Theatertreffen, a German theater festival and one of the three major theatrical festivals of Europe alongside Britain's Edinburgh Arts Festival and France's Festival d'Avignon, made its debut in China in 2016. Art exhibitions are also frequent callers, including German 8, one of the largest exhibitions held in China that features works by German artists.

Broudré-Gröger said the interest in one another's culture is mirrored in Germany, but the country should do more.

"We may have interests that are the same. The Silk Road transferred silk and harmony. The efforts of Chinese people in bringing forward achievements in science and the economy is admirable. The interest of the general public to China is big, and dates back to the 19th century, not only because they admire the development of China but also because they feel that China has played a positive role in international relations. There should be more effort to offer Chinese in schools here, because a language is something that takes the longest to learn."

To Broudré-Gröger, the deepening of cultural and art exchanges between the countries is a good sign, and care should be taken not to cut down, rather increase, these cooperation, especially among youth. "I think the time is right for China and Germany to think about that. We have to start early. If you want a big tree, you should put a lot of water onto the seedling."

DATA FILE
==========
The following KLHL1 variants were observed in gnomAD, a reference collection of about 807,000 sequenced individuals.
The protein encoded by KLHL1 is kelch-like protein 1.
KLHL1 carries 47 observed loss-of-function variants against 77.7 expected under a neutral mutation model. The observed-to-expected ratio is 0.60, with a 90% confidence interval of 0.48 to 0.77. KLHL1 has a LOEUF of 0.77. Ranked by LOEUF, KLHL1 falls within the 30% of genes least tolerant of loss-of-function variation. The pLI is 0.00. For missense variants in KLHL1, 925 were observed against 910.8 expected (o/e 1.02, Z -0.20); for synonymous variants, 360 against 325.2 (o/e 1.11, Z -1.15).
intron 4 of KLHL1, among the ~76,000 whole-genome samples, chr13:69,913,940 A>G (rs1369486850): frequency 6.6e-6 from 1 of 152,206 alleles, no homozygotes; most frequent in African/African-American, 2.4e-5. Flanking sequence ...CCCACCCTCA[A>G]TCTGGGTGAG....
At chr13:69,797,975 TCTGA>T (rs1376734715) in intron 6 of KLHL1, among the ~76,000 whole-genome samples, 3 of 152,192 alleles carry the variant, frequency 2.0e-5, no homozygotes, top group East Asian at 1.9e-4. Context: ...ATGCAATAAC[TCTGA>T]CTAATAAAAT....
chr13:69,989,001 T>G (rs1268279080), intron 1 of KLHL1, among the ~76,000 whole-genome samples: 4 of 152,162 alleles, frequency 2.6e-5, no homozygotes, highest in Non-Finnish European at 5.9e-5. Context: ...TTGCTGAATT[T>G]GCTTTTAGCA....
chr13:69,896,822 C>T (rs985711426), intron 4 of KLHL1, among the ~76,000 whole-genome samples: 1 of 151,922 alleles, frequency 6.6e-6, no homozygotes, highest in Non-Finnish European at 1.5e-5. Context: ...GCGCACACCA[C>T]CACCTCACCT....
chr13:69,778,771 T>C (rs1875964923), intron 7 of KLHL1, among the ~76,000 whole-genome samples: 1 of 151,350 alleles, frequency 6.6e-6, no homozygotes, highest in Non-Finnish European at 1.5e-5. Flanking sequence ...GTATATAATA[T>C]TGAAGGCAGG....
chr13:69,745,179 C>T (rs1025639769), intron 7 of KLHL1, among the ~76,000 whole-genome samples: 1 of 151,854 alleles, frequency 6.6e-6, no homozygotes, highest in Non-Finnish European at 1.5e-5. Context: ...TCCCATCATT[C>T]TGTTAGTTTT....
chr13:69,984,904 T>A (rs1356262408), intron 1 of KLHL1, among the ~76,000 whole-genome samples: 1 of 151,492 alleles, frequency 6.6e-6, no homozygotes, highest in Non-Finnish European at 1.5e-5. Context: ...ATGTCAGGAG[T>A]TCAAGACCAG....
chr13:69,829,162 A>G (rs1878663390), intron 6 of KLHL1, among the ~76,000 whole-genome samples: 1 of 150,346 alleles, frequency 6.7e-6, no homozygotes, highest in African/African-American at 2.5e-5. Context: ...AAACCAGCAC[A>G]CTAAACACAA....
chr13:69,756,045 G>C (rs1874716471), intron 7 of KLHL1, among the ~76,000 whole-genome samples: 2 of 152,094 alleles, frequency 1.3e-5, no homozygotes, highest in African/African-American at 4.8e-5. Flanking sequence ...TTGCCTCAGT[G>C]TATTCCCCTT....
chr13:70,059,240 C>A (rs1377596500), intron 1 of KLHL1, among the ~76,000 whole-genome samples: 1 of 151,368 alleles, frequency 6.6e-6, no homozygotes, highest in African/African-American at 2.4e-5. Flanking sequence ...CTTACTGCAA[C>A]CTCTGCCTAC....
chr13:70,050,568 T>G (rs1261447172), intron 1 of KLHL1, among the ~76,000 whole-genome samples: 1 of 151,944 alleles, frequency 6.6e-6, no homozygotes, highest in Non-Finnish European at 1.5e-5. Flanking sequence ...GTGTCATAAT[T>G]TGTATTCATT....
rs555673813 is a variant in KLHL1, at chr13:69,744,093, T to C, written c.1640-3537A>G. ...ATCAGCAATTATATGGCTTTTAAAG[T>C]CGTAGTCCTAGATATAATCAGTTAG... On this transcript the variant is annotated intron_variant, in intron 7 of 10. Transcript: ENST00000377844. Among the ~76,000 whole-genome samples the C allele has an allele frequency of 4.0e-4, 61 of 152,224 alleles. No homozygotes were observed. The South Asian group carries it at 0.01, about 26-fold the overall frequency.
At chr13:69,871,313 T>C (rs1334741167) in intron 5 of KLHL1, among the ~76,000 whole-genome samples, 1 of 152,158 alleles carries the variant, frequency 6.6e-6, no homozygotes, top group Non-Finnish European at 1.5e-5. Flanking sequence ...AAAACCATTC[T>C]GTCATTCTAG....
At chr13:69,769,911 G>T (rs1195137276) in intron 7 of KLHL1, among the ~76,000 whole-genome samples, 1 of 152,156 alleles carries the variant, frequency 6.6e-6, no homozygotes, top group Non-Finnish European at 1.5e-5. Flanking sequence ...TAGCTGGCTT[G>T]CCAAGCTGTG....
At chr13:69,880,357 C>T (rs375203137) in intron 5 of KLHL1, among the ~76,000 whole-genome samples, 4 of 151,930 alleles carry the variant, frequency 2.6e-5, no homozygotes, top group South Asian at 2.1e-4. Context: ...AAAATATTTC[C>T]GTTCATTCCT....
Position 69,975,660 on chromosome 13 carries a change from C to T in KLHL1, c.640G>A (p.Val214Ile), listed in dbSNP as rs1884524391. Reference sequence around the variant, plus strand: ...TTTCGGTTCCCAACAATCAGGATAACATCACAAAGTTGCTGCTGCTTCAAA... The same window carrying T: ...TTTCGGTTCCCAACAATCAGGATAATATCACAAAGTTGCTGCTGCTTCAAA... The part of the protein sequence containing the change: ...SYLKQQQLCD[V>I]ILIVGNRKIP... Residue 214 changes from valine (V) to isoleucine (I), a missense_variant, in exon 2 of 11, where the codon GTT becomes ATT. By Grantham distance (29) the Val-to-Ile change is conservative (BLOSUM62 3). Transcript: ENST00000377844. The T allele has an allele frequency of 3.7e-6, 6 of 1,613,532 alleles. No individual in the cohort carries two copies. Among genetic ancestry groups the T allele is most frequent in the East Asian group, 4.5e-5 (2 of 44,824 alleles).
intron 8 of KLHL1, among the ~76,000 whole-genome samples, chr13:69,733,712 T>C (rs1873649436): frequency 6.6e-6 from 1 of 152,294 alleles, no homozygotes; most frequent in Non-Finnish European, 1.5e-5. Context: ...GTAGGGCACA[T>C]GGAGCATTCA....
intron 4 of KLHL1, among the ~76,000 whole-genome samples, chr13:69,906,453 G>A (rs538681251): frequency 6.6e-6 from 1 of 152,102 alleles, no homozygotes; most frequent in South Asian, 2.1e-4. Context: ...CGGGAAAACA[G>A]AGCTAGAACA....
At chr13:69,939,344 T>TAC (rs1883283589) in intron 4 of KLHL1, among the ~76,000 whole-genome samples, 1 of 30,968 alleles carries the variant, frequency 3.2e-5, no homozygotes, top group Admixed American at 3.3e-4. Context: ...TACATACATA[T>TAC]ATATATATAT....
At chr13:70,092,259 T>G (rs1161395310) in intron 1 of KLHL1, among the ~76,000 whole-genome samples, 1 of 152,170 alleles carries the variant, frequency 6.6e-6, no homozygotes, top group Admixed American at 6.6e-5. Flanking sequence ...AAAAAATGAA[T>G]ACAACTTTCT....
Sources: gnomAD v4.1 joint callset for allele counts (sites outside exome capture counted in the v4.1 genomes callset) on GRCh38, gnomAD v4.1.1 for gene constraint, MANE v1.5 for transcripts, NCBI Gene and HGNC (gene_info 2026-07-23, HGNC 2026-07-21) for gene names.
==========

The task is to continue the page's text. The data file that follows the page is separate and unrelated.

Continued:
Broudré-Gröger added that talking the talk is not enough, as decision-makers must turn words into action that bears fruit. It is not enough to just allocate a budget for the development of culture. Programs must be fostered. Changes must be made. Permanent contact and exchange of opinions are necessary. It is a daily effort, and it should concern a broader spectrum and level of population on both sides.

"There is no free culture. With starving artists, no culture is served. As citizens of the world, we should insist that there should be money not just for the next missile to the moon, but also for the next museum, or the next gallery. This should be a concern for all countries. This is the way. It's not just the economy that has to develop, culture has to develop as well," he said.

Broudré-Gröger, who loves spicy Chinese food, said he plans to visit China again next year. It will be his first time in 15 years. "Transformation" would be a keyword that summarizes what he wants to see during his next visit.

"I see a country which has overcome - within less than two generations - the gap between a developing country to become a superpower. I see a country which reached, in almost all fields, the top of global development. I see a country which has to decide in the future if it only wants to be China, or a player with a global responsibility."

This year marks the 70th anniversary of the founding of People's Republic of China. As the relationship between China and Germany move forward hand-in-hand, Broudré-Gröger had nothing but warm and positive wishes for the future of the two old friends.

"I only wish that China enjoys that which China has been building up [in] the recent 70 years for at least 10,000 years more. Not only will then China have a beautiful future, but also the rest of the world, including Germany. I wish for all the best for Germany, also the best for China."